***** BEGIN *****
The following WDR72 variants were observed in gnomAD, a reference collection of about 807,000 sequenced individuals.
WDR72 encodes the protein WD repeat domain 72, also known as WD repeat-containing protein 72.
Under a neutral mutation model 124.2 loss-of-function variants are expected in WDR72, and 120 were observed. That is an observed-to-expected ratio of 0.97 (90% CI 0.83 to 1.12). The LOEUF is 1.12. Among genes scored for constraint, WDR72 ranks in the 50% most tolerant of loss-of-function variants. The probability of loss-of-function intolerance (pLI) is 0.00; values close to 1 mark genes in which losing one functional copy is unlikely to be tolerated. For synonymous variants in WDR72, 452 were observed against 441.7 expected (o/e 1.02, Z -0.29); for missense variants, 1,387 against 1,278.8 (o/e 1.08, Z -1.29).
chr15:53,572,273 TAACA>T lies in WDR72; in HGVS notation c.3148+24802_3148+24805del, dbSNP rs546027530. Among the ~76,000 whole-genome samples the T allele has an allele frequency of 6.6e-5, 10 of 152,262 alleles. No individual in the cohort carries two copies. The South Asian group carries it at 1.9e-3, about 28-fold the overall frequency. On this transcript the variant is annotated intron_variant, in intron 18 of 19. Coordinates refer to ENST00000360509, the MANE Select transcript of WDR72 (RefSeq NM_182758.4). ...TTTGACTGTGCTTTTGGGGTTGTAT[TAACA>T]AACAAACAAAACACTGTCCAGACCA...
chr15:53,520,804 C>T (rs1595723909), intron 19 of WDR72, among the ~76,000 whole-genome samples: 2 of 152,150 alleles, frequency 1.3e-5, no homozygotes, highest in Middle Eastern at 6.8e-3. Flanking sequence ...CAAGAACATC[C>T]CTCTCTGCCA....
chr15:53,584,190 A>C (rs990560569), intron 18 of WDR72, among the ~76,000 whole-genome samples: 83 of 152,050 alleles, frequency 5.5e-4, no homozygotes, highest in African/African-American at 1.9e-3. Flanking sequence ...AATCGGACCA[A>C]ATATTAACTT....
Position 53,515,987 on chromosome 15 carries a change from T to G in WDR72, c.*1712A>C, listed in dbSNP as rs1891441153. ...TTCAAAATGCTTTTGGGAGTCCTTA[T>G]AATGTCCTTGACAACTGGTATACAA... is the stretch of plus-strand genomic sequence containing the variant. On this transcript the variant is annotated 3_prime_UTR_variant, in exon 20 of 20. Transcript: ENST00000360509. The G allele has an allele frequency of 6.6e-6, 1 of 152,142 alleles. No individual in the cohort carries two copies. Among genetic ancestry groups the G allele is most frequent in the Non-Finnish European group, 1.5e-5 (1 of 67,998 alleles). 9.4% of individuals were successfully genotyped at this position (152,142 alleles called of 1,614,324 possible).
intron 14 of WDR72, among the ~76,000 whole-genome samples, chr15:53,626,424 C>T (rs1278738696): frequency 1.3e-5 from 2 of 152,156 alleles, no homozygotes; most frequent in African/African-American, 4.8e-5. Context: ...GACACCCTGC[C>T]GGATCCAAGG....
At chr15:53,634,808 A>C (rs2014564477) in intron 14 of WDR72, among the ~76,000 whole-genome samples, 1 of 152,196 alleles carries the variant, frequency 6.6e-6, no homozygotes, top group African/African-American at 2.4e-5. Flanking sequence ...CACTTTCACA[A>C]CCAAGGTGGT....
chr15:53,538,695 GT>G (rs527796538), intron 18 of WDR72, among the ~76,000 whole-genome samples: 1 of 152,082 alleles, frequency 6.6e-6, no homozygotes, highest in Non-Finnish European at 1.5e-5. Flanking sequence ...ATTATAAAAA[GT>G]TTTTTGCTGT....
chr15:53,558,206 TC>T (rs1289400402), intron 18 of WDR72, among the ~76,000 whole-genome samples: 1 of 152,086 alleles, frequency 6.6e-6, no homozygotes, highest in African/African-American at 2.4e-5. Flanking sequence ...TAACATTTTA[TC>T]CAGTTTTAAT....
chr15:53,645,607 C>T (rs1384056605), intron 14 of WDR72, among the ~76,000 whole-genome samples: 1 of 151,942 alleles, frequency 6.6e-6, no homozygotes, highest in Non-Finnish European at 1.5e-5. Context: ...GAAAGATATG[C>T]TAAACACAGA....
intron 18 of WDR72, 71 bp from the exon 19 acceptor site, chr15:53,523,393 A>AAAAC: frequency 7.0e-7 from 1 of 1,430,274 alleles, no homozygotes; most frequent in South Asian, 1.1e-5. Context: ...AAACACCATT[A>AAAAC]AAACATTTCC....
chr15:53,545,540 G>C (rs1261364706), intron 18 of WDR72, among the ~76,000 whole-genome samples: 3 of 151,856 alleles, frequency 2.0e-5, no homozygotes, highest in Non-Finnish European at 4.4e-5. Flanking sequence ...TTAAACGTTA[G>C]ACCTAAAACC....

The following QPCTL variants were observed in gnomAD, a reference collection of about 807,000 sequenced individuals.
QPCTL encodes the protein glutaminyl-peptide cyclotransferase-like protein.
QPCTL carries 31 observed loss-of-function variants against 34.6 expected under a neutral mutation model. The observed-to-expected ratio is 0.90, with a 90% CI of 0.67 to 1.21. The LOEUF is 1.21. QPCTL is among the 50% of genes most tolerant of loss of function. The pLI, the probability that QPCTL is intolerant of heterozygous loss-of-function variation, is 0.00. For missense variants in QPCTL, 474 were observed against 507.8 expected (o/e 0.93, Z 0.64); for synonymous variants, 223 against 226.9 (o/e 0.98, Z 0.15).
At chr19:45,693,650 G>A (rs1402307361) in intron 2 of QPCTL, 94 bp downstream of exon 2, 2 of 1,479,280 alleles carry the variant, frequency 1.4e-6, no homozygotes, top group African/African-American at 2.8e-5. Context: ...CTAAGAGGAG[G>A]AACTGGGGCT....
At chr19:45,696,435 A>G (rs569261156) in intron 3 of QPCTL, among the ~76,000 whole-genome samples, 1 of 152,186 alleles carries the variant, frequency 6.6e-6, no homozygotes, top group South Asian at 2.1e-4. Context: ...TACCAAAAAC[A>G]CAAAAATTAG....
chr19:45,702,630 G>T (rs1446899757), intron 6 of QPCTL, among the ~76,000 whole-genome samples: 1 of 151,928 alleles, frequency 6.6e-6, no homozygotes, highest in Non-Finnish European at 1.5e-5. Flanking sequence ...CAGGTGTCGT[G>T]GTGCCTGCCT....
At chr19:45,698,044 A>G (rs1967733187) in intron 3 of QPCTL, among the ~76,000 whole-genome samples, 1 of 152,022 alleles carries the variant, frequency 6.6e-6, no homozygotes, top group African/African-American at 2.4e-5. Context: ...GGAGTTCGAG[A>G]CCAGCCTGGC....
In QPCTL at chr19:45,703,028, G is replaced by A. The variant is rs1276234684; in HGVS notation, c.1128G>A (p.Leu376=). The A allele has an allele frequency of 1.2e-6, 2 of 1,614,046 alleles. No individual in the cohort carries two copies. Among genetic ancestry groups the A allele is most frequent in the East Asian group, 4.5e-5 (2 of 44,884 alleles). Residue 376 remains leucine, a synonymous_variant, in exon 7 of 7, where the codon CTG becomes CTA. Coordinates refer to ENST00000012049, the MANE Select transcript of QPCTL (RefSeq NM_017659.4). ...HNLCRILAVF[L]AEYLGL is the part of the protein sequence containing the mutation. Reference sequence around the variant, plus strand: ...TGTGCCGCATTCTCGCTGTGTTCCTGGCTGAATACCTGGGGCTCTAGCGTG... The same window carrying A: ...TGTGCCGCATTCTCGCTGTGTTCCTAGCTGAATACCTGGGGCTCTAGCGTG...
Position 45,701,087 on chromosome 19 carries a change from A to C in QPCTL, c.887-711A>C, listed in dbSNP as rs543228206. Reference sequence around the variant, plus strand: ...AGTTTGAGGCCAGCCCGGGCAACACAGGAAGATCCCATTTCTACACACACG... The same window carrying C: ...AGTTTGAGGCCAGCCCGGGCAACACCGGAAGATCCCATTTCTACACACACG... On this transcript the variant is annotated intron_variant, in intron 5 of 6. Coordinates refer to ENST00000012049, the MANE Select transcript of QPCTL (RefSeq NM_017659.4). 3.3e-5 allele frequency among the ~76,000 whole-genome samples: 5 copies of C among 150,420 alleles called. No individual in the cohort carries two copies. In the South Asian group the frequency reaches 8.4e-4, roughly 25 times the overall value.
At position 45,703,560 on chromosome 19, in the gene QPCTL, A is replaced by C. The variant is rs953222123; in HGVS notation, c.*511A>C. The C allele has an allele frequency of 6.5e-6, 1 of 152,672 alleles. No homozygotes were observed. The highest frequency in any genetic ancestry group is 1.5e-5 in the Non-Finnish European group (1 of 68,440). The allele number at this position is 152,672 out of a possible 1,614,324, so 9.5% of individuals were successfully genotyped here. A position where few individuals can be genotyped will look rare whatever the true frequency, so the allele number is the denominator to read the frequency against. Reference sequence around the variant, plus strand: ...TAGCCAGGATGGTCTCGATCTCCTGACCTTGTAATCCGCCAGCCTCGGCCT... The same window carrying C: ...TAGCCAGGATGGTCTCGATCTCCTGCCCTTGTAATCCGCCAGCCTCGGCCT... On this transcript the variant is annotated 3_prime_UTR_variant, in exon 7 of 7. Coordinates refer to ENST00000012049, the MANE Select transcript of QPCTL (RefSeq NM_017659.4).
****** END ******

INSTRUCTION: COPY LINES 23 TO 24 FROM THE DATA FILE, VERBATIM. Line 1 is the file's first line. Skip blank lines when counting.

Position 45,701,087 on chromosome 19 carries a change from A to C in QPCTL, c.887-711A>C, listed in dbSNP as rs543228206. Reference sequence around the variant, plus strand: ...AGTTTGAGGCCAGCCCGGGCAACACAGGAAGATCCCATTTCTACACACACG... The same window carrying C: ...AGTTTGAGGCCAGCCCGGGCAACACCGGAAGATCCCATTTCTACACACACG... On this transcript the variant is annotated intron_variant, in intron 5 of 6. Coordinates refer to ENST00000012049, the MANE Select transcript of QPCTL (RefSeq NM_017659.4). 3.3e-5 allele frequency among the ~76,000 whole-genome samples: 5 copies of C among 150,420 alleles called. No individual in the cohort carries two copies. In the South Asian group the frequency reaches 8.4e-4, roughly 25 times the overall value.
At position 45,703,560 on chromosome 19, in the gene QPCTL, A is replaced by C. The variant is rs953222123; in HGVS notation, c.*511A>C. The C allele has an allele frequency of 6.5e-6, 1 of 152,672 alleles. No homozygotes were observed. The highest frequency in any genetic ancestry group is 1.5e-5 in the Non-Finnish European group (1 of 68,440). The allele number at this position is 152,672 out of a possible 1,614,324, so 9.5% of individuals were successfully genotyped here. A position where few individuals can be genotyped will look rare whatever the true frequency, so the allele number is the denominator to read the frequency against. Reference sequence around the variant, plus strand: ...TAGCCAGGATGGTCTCGATCTCCTGACCTTGTAATCCGCCAGCCTCGGCCT... The same window carrying C: ...TAGCCAGGATGGTCTCGATCTCCTGCCCTTGTAATCCGCCAGCCTCGGCCT... On this transcript the variant is annotated 3_prime_UTR_variant, in exon 7 of 7. Coordinates refer to ENST00000012049, the MANE Select transcript of QPCTL (RefSeq NM_017659.4).